Winner of the Alternative Nobel Prize is Announced

By October 14, 2018 Literary Awards, News

Back in August it was announced that a New Academy had been created to award an alternative Nobel Prize for Literature after the Swedish Academy was caught in a mire of controversy amid a rape scandal. The New Academy was put together by more than a hundred important cultural figures, journalists, writers and authors to honour literary greats with a new prize.

In August four authors were shortlisted, Haruki Murakami of Japan, who soon withdrew himself from the competition, Vietnamese-Canadian writer Kim Thúy; Maryse Condé of Guadeloupe; and British author Neil Gaiman who is based in the USA.




It was announced that on 12th October the winner would be announced and now it’s announced that Maryse Conde will collect the alternative Nobel Prize in an award ceremony in December.

Conde is one of the Caribbean’s most renowned authors and said she was ‘very happy and proud’ to win the alternative prize. The author will win around £87,000 raised from crowdfunding and donations and will receive the prize at a ceremony on 9th December. Conde has written more than twenty novels and this prize is likely to raise her exposure further. Below we have listed Maryse Conde’s most notable works.

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British Book Awards Reveals Shortlist for Independent Bookshop of the Year

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We all love an independent bookshop and thankfully the UK is still full of these little treasures in almost every town. The British Book Awards, or Nibbies, has revealed the regional shortlists for the 2019 Independent Bookshop of the Year, an award that is sponsored by Gardners Books.

The Bookseller reports that in all, forty-eight bookshops are competing, from nine regions of the UK and are all hoping to win in their local area before going forward to compete for the overall, nationwide prize.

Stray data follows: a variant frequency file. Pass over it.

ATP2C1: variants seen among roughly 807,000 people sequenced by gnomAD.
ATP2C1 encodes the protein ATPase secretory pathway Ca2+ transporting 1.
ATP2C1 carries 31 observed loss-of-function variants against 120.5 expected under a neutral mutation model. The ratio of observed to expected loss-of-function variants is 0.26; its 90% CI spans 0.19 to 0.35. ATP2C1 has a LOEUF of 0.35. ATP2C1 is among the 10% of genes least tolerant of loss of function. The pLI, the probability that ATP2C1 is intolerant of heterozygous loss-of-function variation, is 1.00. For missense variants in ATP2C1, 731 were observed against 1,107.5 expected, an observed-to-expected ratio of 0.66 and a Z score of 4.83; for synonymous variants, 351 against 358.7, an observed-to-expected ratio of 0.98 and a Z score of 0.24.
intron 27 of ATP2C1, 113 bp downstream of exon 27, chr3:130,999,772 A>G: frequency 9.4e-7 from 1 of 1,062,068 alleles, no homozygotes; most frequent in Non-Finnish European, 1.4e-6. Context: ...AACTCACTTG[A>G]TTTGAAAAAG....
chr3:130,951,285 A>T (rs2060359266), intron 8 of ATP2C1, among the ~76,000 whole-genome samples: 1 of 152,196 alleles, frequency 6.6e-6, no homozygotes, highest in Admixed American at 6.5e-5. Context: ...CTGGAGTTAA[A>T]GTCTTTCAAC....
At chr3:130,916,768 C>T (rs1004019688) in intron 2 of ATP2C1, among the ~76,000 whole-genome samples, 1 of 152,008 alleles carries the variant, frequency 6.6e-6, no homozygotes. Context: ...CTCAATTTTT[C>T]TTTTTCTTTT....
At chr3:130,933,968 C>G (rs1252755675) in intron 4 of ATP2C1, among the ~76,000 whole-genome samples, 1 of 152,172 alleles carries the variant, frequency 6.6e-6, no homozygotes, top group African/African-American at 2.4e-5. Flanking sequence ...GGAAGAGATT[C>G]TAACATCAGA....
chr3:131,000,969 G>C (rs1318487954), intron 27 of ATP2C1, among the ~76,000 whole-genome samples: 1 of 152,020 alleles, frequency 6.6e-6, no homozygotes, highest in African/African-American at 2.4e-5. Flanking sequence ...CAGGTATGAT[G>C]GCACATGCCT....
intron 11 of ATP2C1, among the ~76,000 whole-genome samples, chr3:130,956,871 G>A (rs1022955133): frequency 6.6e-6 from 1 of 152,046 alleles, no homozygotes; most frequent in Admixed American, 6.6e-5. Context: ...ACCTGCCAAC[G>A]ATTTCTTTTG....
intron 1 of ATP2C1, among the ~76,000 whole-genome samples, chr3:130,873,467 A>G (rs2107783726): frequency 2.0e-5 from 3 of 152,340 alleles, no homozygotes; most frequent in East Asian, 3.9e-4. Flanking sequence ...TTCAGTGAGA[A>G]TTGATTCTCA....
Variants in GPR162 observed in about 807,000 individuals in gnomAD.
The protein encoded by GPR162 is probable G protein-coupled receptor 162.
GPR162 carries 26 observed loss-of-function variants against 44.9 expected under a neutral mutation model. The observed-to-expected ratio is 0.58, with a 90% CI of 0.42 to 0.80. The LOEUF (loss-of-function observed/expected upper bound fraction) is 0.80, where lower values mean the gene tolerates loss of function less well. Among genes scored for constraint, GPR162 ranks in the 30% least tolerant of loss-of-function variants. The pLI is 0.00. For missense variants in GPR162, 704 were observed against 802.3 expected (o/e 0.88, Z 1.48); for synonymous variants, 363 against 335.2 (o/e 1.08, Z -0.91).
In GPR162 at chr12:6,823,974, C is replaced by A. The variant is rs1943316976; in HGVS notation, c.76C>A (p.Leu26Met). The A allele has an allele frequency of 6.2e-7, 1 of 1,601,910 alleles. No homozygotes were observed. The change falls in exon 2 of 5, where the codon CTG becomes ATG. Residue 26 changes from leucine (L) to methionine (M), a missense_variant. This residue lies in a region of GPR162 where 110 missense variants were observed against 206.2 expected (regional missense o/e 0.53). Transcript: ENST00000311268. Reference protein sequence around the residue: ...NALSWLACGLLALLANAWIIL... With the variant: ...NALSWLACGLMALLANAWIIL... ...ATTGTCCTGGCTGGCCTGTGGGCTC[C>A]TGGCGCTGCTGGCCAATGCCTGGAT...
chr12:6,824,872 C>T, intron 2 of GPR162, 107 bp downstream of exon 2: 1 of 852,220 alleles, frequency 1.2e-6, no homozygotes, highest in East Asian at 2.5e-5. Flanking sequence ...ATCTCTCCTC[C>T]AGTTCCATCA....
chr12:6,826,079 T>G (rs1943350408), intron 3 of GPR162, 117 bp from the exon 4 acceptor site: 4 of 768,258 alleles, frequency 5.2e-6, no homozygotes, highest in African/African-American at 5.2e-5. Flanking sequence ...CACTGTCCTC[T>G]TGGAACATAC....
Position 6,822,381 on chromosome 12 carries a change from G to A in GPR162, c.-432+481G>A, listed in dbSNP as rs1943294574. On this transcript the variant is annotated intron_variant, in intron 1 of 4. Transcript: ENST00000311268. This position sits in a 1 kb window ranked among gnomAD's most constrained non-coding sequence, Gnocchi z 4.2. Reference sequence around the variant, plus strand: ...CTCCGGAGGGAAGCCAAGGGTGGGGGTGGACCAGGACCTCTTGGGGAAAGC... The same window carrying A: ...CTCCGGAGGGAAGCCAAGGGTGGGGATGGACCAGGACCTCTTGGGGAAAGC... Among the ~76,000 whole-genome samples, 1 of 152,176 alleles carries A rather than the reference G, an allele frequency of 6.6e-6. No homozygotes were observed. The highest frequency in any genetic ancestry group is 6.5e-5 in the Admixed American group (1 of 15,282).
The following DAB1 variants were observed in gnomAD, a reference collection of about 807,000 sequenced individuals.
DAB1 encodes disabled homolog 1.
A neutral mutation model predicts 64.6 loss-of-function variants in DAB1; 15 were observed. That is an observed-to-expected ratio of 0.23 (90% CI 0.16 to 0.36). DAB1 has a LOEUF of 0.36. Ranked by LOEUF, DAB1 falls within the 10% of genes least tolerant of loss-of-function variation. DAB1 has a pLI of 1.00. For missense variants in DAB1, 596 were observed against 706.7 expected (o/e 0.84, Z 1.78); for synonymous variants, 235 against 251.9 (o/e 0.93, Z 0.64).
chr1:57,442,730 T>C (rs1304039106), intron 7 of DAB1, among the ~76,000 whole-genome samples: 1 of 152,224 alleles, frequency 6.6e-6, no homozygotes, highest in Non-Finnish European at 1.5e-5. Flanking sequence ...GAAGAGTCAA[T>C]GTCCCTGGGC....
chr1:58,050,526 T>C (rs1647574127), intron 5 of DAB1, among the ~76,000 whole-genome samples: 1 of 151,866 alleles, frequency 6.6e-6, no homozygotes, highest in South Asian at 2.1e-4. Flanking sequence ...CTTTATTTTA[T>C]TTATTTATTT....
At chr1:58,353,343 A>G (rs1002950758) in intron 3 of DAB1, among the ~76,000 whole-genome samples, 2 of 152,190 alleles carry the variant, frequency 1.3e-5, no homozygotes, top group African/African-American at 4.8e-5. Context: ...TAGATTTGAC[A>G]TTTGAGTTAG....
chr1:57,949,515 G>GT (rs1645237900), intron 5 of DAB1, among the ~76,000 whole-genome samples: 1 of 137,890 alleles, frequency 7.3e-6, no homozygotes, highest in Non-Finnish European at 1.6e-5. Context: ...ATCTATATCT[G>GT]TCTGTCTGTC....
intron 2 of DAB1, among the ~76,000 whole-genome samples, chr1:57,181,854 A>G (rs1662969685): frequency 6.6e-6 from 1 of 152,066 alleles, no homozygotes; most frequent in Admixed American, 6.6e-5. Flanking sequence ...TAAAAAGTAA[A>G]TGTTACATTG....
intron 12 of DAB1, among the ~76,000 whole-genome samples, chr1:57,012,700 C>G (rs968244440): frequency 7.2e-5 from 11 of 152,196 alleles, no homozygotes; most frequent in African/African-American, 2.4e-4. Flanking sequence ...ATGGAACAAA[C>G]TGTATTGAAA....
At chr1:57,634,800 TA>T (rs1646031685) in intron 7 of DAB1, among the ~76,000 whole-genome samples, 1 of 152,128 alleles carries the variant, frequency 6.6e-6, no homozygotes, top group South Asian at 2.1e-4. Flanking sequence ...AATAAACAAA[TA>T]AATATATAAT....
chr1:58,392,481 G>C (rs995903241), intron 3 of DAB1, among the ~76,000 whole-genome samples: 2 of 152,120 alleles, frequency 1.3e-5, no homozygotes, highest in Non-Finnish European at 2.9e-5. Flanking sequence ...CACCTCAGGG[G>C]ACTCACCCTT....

Here are the shortlisted books for each region. We have some of the bookshops listed in our bookshop section so the ones featured are linked:
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Detained Asylum Seeker Wins Prestigious Australian Literary Award

By | Literary Awards, News | One Comment
In a situation that can only be described as a complete paradox, Australia’s richest literary prize has been won by someone who cannot collect the accolade because he’s not allowed to enter Australia.

Behrouz Boochani is a failed asylum seeker from Iran who has been held on Manus Island in Papua New Guinea for almost six years. The place doesn’t get much coverage for an offshore detention centre that holds failed refugees indefinitely, and maybe it should but all that might be about to change as Boochani’s book is about his time on the island and his attempted journey to safety.

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Man Ends Its 17 Year Partnership with Booker Prize

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Since 2002, the Man Group has partnered with and donated £25 million to the Booker Prize and its international edition. However, it has now been announced that this year’s prize will be the final one sponsored by Man. As reported by Sky, the Booker Prize Foundation has stated its trustees are “in discussion with a new sponsor and are confident that the new funding will be in place for 2020”. The foundation’s chairwoman, Helena Kennedy described Man as an “excellent and very generous sponsor.”

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Writers for Writers Award – 2019

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Every Year, the Writers for Writers Award celebrate authors that have contributed to other the development of other writers and the broader literary community. The awards are presented at the Poets & Writers’ annual dinner and are named the Barnes & Noble Writers for Writers Awards in acknowledgement of the booksellers’ long-standing support.

This year’s winners have been announced by Poets & Writers, and the well-deserving recipients of the 2019 Barnes & Noble Writers for Writers Award are:

Reginald Dwayne Betts – “for mentoring individuals involved in the criminal and juvenile justice systems and for his efforts to reform these systems.”

Reginald Dwayne Betts writes memoirs and poetry. His most recent collection of poetry, Bastards of the Reagan Era, won the 2016 PEN New England Award in Poetry. While his memoir, A Question of Freedom: A Memoir of Learning, Survival and Coming of Age in Prison, is just the beginning of his campaigning to reform the criminal justice system in the UK. He has also made numerous visits to prisons and juvenile detention centres, where he shares his poetry and talks about the power of reading, literacy and mentoring those in incarceration.

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